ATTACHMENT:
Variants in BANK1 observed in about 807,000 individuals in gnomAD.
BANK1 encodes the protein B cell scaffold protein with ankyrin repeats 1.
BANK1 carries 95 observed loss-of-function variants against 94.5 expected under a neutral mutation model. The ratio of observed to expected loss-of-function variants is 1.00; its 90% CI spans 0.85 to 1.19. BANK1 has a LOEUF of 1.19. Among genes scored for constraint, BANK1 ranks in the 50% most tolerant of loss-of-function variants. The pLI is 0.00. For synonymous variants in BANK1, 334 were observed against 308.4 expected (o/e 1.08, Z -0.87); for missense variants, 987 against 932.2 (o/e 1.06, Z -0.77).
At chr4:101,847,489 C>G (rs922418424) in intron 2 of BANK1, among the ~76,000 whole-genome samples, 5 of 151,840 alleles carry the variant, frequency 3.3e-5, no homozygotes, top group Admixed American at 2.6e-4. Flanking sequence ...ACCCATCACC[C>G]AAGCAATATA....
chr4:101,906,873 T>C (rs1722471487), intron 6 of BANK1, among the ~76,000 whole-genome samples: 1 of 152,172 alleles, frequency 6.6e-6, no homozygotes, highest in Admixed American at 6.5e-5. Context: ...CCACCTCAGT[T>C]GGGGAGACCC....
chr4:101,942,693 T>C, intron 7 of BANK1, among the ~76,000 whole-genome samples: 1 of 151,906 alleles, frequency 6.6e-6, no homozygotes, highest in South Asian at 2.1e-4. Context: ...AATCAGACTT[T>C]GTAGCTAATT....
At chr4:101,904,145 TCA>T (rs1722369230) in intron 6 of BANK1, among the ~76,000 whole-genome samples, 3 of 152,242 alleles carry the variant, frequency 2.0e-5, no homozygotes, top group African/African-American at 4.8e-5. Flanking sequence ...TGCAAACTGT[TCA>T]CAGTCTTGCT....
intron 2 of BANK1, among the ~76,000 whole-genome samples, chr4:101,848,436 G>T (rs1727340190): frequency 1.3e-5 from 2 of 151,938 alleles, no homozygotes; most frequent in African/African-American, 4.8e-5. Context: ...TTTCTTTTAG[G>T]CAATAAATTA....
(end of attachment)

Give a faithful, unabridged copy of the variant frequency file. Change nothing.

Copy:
Variants in BANK1 observed in about 807,000 individuals in gnomAD.
BANK1 encodes the protein B cell scaffold protein with ankyrin repeats 1.
BANK1 carries 95 observed loss-of-function variants against 94.5 expected under a neutral mutation model. The ratio of observed to expected loss-of-function variants is 1.00; its 90% CI spans 0.85 to 1.19. BANK1 has a LOEUF of 1.19. Among genes scored for constraint, BANK1 ranks in the 50% most tolerant of loss-of-function variants. The pLI is 0.00. For synonymous variants in BANK1, 334 were observed against 308.4 expected (o/e 1.08, Z -0.87); for missense variants, 987 against 932.2 (o/e 1.06, Z -0.77).
At chr4:101,847,489 C>G (rs922418424) in intron 2 of BANK1, among the ~76,000 whole-genome samples, 5 of 151,840 alleles carry the variant, frequency 3.3e-5, no homozygotes, top group Admixed American at 2.6e-4. Flanking sequence ...ACCCATCACC[C>G]AAGCAATATA....
chr4:101,906,873 T>C (rs1722471487), intron 6 of BANK1, among the ~76,000 whole-genome samples: 1 of 152,172 alleles, frequency 6.6e-6, no homozygotes, highest in Admixed American at 6.5e-5. Context: ...CCACCTCAGT[T>C]GGGGAGACCC....
chr4:101,942,693 T>C, intron 7 of BANK1, among the ~76,000 whole-genome samples: 1 of 151,906 alleles, frequency 6.6e-6, no homozygotes, highest in South Asian at 2.1e-4. Context: ...AATCAGACTT[T>C]GTAGCTAATT....
At chr4:101,904,145 TCA>T (rs1722369230) in intron 6 of BANK1, among the ~76,000 whole-genome samples, 3 of 152,242 alleles carry the variant, frequency 2.0e-5, no homozygotes, top group African/African-American at 4.8e-5. Flanking sequence ...TGCAAACTGT[TCA>T]CAGTCTTGCT....
intron 2 of BANK1, among the ~76,000 whole-genome samples, chr4:101,848,436 G>T (rs1727340190): frequency 1.3e-5 from 2 of 151,938 alleles, no homozygotes; most frequent in African/African-American, 4.8e-5. Context: ...TTTCTTTTAG[G>T]CAATAAATTA....